jonesfamily08 | Jun 1, 2016 |
I downloaded this book in audio for a long car trip and while I keep turning it on when I'm on the long stretches of road with no access to a network, I don't know that I would necessarily recommend this book. It is sappy and full of clichés that don't necessarily resonate in the page after page of cheesy epiphanies. I also was really turned off by how religious this book ended up being with way too may references to how the epiphanies were pretty much gifts from god. It just completely detracted from the message for me. The only potentially good thing is that this book tries to give tips and activities that can be put into action which could be helpful. Overall this book wasn't bad, just not grounded in anything substantial so it was hard to take it seriously. I will likely only continue to read (listen) when I'm back on the road and have no other options. ( )
  marty76 | Mar 1, 2015 |
My first exposure to this author was a piece in the Huffington Post called : The Important Thing About Yelling and I really liked it, so when I saw Stafford's book on NetGalley, I went for it.

This book wasn't great, but it wasn't awful either. It just kind of ... was. I know that 'meh' isn't an incredibly helpful review, nevertheless, that's what I feel about this book. I don't know if I've been overindulging in these types of parenting/lifestyle change books, I don't know if it's because I'm reading The Happiness Project right now, where I feel much more connected to the narrator, I don't know if the market is just saturated right now with 'let go of the little things and live for what's important!!!!'-type advice books... I suspect it's a combination of all these things.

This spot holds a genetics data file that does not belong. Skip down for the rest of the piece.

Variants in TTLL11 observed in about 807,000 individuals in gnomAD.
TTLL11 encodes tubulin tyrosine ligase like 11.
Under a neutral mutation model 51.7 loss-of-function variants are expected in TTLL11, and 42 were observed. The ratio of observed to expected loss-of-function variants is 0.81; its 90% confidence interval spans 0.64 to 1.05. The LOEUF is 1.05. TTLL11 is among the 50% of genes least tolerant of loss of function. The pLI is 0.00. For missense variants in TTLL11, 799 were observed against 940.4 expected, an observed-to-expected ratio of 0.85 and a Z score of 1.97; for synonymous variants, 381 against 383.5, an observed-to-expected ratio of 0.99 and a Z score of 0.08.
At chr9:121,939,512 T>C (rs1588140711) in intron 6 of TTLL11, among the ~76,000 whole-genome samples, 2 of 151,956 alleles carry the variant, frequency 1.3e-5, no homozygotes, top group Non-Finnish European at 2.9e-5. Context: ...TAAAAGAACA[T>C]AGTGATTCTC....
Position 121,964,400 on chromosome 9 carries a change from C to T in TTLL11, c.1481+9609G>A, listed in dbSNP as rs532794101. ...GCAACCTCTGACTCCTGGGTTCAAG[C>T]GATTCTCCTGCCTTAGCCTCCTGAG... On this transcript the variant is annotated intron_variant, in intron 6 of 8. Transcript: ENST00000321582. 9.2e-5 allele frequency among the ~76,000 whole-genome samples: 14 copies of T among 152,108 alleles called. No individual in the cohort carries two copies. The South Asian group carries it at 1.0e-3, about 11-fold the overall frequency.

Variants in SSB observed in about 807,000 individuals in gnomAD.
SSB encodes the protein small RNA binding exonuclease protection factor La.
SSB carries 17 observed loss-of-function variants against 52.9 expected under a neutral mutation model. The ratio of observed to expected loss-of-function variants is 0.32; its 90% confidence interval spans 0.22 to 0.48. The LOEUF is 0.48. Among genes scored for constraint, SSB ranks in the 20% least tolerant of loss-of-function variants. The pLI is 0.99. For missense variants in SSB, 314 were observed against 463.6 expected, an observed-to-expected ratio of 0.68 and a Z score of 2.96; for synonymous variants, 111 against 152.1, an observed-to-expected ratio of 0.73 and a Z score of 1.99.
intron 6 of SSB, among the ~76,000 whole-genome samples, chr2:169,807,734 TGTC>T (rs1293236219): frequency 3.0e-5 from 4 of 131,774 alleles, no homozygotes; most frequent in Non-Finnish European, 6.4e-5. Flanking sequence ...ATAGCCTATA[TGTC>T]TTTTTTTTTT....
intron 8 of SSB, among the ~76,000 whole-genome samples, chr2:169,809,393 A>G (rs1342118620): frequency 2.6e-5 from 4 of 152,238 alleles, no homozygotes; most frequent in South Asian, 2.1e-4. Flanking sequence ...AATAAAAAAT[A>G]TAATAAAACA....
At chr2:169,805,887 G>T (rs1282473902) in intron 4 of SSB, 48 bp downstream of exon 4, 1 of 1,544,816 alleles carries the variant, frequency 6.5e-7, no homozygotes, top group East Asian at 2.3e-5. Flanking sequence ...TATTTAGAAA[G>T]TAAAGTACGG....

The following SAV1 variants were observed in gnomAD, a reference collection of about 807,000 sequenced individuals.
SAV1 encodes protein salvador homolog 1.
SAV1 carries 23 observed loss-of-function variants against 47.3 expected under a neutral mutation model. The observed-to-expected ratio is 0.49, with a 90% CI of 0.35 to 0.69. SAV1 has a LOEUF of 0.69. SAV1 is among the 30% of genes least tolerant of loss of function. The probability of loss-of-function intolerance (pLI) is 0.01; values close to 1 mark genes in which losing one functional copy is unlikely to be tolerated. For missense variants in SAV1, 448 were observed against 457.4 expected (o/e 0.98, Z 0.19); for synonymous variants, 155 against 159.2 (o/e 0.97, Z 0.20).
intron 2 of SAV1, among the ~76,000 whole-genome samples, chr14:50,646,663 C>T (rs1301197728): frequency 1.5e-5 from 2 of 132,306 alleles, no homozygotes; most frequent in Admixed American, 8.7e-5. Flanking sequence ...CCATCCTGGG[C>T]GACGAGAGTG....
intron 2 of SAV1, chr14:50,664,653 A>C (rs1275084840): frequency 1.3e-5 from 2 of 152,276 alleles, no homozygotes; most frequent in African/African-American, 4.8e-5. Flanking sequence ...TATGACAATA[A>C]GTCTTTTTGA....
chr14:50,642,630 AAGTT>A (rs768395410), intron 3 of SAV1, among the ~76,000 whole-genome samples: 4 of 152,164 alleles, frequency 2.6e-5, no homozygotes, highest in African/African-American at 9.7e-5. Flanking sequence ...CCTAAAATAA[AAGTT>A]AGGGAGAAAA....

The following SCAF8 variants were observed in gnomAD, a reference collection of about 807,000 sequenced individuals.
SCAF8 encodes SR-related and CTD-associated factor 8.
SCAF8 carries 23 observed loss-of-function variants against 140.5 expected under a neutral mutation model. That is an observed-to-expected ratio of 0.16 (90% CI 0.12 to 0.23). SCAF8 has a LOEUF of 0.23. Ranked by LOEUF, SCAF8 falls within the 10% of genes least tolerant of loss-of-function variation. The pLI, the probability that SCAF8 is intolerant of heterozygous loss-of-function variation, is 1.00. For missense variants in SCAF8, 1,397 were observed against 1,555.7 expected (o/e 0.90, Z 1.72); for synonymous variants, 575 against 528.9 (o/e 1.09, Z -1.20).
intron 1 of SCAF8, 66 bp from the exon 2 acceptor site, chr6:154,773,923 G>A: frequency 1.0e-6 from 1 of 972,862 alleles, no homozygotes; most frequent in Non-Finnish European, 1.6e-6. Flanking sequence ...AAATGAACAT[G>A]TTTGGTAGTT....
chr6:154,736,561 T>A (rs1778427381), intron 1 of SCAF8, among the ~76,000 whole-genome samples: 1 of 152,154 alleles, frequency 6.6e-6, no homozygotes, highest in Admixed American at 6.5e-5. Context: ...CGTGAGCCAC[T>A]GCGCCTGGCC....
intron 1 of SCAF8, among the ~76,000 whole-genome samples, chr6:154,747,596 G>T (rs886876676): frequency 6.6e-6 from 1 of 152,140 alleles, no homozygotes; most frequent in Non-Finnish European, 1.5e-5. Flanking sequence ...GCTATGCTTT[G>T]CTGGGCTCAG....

The narrator didn't speak to me. Which is odd because I suspect we're from the same little corner of Alabama, ... except I'm not really from Alabama... I wasn't prepared for this book to be religious. But page after page I was smacked in the face with the phrase 'God given gifts' and praise and thanks to god that made this book come across as more religious than secular. That's fine, but it wasn't what I was expecting or looking for.

The tone of the book was better suited for a blog rather than a whole book, the author uses no empirical evidence for her theories, nor does she seemed to have done any research into studies on better child-rearing, etc. All accounts are strictly personal and anecdotal. There are a few key phrases that crop up in the writing way too often, it made the writing seem a little lazy, like the author couldn't be bothered to think of a different phrase.

Again, this book isn't bad, it just wasn't for me. I think that there are too many other good books on this topic out there.

I received this book for free from NetGalley in exchange for an honest review. All opinions are my own. ( )
  steadfastreader | Mar 18, 2014 |
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A popular Christian blogger provides a step-by-step guide to transforming a distracted parenting life into one of meaningful connection and fulfillment by learning to grasp and appreciate the moments that really matter.